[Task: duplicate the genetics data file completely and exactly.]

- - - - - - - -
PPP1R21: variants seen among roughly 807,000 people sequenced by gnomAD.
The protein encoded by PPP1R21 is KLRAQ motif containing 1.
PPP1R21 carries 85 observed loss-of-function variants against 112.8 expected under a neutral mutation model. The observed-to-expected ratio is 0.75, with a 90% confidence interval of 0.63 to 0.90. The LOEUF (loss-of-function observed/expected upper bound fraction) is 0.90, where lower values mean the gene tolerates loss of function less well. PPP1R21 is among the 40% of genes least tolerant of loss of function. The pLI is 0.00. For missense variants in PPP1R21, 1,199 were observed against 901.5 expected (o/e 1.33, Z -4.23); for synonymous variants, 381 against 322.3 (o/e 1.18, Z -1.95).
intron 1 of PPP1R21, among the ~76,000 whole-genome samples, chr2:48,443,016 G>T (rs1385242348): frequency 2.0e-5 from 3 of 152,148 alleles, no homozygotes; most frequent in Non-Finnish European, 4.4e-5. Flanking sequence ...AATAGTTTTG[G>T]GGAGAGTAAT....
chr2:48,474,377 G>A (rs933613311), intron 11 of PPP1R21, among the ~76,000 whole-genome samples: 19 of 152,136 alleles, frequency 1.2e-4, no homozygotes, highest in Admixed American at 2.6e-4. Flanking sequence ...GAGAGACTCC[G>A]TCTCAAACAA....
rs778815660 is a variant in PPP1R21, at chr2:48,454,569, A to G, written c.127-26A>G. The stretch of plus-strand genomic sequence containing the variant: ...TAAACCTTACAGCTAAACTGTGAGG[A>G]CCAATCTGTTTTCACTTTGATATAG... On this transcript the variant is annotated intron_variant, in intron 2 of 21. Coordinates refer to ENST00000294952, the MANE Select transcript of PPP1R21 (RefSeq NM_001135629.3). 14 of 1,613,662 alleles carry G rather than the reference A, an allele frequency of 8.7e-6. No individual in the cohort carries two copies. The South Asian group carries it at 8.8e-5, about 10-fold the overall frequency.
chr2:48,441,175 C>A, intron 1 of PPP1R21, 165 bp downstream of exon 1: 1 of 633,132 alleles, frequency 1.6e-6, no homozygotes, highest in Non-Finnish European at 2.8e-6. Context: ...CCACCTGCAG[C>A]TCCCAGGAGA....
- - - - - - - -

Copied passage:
PPP1R21: variants seen among roughly 807,000 people sequenced by gnomAD.
The protein encoded by PPP1R21 is KLRAQ motif containing 1.
PPP1R21 carries 85 observed loss-of-function variants against 112.8 expected under a neutral mutation model. The observed-to-expected ratio is 0.75, with a 90% confidence interval of 0.63 to 0.90. The LOEUF (loss-of-function observed/expected upper bound fraction) is 0.90, where lower values mean the gene tolerates loss of function less well. PPP1R21 is among the 40% of genes least tolerant of loss of function. The pLI is 0.00. For missense variants in PPP1R21, 1,199 were observed against 901.5 expected (o/e 1.33, Z -4.23); for synonymous variants, 381 against 322.3 (o/e 1.18, Z -1.95).
intron 1 of PPP1R21, among the ~76,000 whole-genome samples, chr2:48,443,016 G>T (rs1385242348): frequency 2.0e-5 from 3 of 152,148 alleles, no homozygotes; most frequent in Non-Finnish European, 4.4e-5. Flanking sequence ...AATAGTTTTG[G>T]GGAGAGTAAT....
chr2:48,474,377 G>A (rs933613311), intron 11 of PPP1R21, among the ~76,000 whole-genome samples: 19 of 152,136 alleles, frequency 1.2e-4, no homozygotes, highest in Admixed American at 2.6e-4. Flanking sequence ...GAGAGACTCC[G>A]TCTCAAACAA....
rs778815660 is a variant in PPP1R21, at chr2:48,454,569, A to G, written c.127-26A>G. The stretch of plus-strand genomic sequence containing the variant: ...TAAACCTTACAGCTAAACTGTGAGG[A>G]CCAATCTGTTTTCACTTTGATATAG... On this transcript the variant is annotated intron_variant, in intron 2 of 21. Coordinates refer to ENST00000294952, the MANE Select transcript of PPP1R21 (RefSeq NM_001135629.3). 14 of 1,613,662 alleles carry G rather than the reference A, an allele frequency of 8.7e-6. No individual in the cohort carries two copies. The South Asian group carries it at 8.8e-5, about 10-fold the overall frequency.
chr2:48,441,175 C>A, intron 1 of PPP1R21, 165 bp downstream of exon 1: 1 of 633,132 alleles, frequency 1.6e-6, no homozygotes, highest in Non-Finnish European at 2.8e-6. Context: ...CCACCTGCAG[C>A]TCCCAGGAGA....